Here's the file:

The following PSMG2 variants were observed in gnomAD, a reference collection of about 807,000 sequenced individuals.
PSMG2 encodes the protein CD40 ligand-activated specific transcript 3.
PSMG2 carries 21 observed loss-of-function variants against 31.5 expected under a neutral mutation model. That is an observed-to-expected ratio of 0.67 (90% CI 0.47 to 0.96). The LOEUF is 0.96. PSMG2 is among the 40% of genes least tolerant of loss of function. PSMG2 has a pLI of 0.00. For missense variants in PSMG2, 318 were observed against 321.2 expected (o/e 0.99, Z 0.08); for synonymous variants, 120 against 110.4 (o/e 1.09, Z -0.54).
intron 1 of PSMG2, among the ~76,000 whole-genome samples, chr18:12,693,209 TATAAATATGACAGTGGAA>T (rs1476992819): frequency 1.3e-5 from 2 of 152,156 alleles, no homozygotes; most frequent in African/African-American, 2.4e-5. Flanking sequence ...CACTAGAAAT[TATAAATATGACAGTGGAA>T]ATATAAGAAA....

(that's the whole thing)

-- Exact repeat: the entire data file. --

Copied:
The following PSMG2 variants were observed in gnomAD, a reference collection of about 807,000 sequenced individuals.
PSMG2 encodes the protein CD40 ligand-activated specific transcript 3.
PSMG2 carries 21 observed loss-of-function variants against 31.5 expected under a neutral mutation model. That is an observed-to-expected ratio of 0.67 (90% CI 0.47 to 0.96). The LOEUF is 0.96. PSMG2 is among the 40% of genes least tolerant of loss of function. PSMG2 has a pLI of 0.00. For missense variants in PSMG2, 318 were observed against 321.2 expected (o/e 0.99, Z 0.08); for synonymous variants, 120 against 110.4 (o/e 1.09, Z -0.54).
intron 1 of PSMG2, among the ~76,000 whole-genome samples, chr18:12,693,209 TATAAATATGACAGTGGAA>T (rs1476992819): frequency 1.3e-5 from 2 of 152,156 alleles, no homozygotes; most frequent in African/African-American, 2.4e-5. Flanking sequence ...CACTAGAAAT[TATAAATATGACAGTGGAA>T]ATATAAGAAA....